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The US economy continued to grow in the final quarter of the year, expanding at an annual rate of 3.2 per cent, according to the Bureau of Economic Analysis.

Stocks mostly down amid economic uncertainty

Stocks edged down today as investors varied between cheering the modest recovery in the United States and wondering if the world economy was still bad enough to push central banks to act.

Storm threat fails to bolster oil price

Oil prices sank yesterday despite a looming hurricane in the Gulf of Mexico as traders bet that demand for crude would drop back as refineries were shut down to weather the storm.

Storm threat fails to bolster oil price

Oil prices sank yesterday despite a looming hurricane in the Gulf of Mexico as traders bet that demand for crude would drop back as refineries were shut down to weather the storm.

Standard Chartered in money-laundering talks

Standard Chartered is discussing a settlement with US regulators ahead of tomorrow's preliminary hearing before the New York State Department of Financial Services (DFS), which last week alleged it had laundered $250bn (£159bn) of money from Iran.

Standard Chartered in race to reach settlement with US regulators

Standard Chartered, the UK bank accused of laundering money on behalf of Iran, is unlikely to reach a settlement with its American regulators before a scheduled hearing in New York on Wednesday, according to sources at the bank.

Stephen Foley: It's a guessing game over the US economy

US Outlook: Officials at the Federal Reserve sparked a mini-stock market rally midweek when they briefed journalists that a new round of monetary stimulus will be on the agenda of the Federal Open Market Committee when it meets next week.

Don't expect any help from us, Ben Bernanke tells eurozone leaders

Ben Bernanke, the chairman of the Federal Reserve, sent a message of "you're on your own" to European leaders yesterday, telling them there were no policy tools or technical steps the US central bank could take to help ease the pressures in the eurozone.

James Moore: Search for a safe haven and the herd mentality

Such is the herd mentality among investors that it needs only the merest hint of trouble and they are falling over each other in a rush to so-called "safe havens". It really is like so many sheep clustered together at the corner of a field. Russia? Sub-Saharan Africa? Pfah. You can keep your gaudy yields and your fancy returns on capital. Even some more developed "emerging" markets – parts of Asia for example – can expect short shrift. It's German Bunds and US Treasuries for us. Right on cue the former hit a record low yield yesterday morning. Baaaaa!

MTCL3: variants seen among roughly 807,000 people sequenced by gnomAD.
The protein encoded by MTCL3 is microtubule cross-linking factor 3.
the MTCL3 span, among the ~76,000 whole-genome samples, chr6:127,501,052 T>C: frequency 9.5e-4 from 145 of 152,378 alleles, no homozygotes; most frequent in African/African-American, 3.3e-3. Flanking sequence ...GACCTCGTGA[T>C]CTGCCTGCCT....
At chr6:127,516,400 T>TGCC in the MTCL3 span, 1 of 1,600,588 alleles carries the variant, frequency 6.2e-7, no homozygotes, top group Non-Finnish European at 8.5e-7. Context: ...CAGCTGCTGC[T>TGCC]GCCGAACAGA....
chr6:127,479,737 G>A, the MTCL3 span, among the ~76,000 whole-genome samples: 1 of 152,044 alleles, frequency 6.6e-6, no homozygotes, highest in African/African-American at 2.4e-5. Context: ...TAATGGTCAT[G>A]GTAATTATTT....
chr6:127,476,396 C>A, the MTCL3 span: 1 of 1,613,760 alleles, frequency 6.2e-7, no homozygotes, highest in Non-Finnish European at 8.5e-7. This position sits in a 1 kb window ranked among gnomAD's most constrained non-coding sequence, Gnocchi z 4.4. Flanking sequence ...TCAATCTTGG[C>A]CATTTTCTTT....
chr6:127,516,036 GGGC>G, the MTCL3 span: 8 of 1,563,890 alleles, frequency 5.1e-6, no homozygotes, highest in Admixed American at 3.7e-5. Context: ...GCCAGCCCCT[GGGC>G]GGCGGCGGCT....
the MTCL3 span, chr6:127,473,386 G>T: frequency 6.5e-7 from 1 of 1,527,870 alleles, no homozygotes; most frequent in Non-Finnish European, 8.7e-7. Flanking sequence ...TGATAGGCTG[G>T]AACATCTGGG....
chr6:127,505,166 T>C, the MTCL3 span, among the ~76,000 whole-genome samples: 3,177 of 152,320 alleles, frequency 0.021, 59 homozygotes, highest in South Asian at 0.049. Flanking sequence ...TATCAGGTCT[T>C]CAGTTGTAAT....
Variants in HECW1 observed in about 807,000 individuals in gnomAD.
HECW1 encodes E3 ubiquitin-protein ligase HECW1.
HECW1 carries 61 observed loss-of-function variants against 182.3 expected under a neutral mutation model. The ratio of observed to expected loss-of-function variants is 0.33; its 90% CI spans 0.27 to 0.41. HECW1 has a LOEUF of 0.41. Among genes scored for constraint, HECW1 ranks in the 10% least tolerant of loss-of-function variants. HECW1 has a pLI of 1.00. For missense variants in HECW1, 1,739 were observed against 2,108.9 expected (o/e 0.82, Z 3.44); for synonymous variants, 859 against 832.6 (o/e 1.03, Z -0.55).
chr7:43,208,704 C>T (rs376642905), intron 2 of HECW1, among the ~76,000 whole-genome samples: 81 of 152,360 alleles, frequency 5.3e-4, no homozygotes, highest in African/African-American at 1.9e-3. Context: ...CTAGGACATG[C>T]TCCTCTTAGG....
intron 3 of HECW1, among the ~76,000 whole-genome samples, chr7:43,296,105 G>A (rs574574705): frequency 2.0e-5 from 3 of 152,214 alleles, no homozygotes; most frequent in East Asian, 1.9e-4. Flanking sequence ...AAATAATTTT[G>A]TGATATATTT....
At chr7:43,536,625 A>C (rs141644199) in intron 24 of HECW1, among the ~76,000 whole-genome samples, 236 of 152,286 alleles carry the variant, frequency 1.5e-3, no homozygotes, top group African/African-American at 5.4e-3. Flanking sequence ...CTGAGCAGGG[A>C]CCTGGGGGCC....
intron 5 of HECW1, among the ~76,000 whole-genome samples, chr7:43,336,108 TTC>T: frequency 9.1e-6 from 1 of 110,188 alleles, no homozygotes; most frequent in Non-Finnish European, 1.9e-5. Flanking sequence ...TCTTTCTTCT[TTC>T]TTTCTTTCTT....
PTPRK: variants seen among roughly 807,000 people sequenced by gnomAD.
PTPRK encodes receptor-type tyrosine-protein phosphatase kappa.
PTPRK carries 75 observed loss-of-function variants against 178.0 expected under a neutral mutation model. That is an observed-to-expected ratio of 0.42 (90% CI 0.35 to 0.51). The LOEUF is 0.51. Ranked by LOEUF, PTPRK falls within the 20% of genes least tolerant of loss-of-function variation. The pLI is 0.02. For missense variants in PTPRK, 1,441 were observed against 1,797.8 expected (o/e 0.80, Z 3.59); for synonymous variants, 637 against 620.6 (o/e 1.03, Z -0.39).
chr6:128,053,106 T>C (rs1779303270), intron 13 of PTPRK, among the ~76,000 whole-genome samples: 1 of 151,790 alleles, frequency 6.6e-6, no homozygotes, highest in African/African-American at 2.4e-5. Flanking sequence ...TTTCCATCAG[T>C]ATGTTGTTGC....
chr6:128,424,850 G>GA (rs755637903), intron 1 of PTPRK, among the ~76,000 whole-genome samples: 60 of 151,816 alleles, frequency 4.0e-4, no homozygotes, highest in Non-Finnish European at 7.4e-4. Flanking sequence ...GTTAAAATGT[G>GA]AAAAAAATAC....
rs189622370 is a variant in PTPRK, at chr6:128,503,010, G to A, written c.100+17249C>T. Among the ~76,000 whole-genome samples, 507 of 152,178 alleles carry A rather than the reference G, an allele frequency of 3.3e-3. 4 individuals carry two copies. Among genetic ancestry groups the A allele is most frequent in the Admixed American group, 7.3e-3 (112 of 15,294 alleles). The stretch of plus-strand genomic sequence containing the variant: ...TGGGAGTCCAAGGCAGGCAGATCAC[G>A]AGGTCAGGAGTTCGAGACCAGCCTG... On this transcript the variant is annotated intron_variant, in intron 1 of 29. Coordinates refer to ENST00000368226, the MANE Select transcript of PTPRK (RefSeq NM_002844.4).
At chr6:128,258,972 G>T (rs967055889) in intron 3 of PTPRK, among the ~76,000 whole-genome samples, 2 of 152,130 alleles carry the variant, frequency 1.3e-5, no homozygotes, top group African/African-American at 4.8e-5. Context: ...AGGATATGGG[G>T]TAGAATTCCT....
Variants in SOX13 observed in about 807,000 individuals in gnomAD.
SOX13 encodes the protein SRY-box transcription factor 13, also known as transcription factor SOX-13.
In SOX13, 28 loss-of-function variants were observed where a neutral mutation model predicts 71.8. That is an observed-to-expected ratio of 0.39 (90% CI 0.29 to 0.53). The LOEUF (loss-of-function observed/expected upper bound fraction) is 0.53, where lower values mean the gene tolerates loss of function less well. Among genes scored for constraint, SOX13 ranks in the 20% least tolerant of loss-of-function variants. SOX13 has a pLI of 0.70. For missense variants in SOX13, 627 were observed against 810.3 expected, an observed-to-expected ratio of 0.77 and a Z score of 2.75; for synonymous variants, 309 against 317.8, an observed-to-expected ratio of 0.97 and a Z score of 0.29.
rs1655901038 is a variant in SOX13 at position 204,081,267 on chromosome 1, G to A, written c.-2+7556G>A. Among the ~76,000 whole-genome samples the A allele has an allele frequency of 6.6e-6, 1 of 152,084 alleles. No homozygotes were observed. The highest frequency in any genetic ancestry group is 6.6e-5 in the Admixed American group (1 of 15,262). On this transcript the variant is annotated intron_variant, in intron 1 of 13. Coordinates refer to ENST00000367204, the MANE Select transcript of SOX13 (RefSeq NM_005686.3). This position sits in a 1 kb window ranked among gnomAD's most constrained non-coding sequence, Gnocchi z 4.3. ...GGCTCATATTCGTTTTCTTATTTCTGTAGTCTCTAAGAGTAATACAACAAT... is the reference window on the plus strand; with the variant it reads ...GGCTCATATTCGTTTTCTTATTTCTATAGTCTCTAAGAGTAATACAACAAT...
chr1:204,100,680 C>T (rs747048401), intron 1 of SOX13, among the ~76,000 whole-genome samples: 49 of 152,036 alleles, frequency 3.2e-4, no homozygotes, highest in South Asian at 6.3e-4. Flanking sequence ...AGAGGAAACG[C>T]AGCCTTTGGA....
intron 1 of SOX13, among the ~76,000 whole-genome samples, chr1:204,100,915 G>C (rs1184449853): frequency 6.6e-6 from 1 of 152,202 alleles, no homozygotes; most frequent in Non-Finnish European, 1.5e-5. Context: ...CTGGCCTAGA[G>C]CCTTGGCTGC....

Elena Baltacha stretches for a backhand during yesterday’s defeat to Sam Stosur

Defeat in Paris puts Baltacha's Olympic place in jeopardy

Keothavong handed the chance to take over British No 1 spot and claim Games wild card

Shock US jobs update hits shares as Europe sinks again

Poor figures hint at slowdown in America's recovery as elections loom in France and Greece

Stephen Foley: Who’s really to blame? It’s the economists, stupid

US Outlook Forget Wall Street. Occupy the University of Chicago.

James Moore: Now US investors put the boot into bankers

Outlook Talking of bankers, it seems that now American investors are squaring up for a fight over their pay.

UK narrowly avoids a double-dip recession

The UK has narrowly avoided a double-dip recession but will struggle for the rest of the year unless businesses stop hoarding cash and start investing, a forecaster warned today.

Blow for US recovery as fewer jobs are created

Worries over revival's momentum as increase in non-farm payroll is slowest since October

US Federal Reserve hints at intervening to stoke recovery

Ben Bernanke, the chairman of the US Federal Reserve, warned that the recent reduction in unemployment in the world's largest economy may not be sustainable, reigniting hopes of central bank intervention to stoke the recovery.

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<p>Jonathan Ross</p>
<p>Jonathan Ross (or Wossy, as he’s affectionately known) has been on television and radio for an extraordinarily long time, working on a seat in the pantheon of British presenters. Hosting Friday Night with Jonathan Ross for nine years, Ross has been in everything from the video game Fable to Phineas and Ferb. So it’s probably not so surprising that Ross studied at Southampton College of Art (since rebranded Southampton Solent), a university known nowadays for its media production courses.</p>
<p>However, after leaving Solent, Ross studied History at the School of Slavonic and East European Studies, now part of the UCL, a move that was somewhat out of keeping with the rest of his career. Ross was made a fellow of the school in 2006 in recognition of his services to broadcasting.</p>
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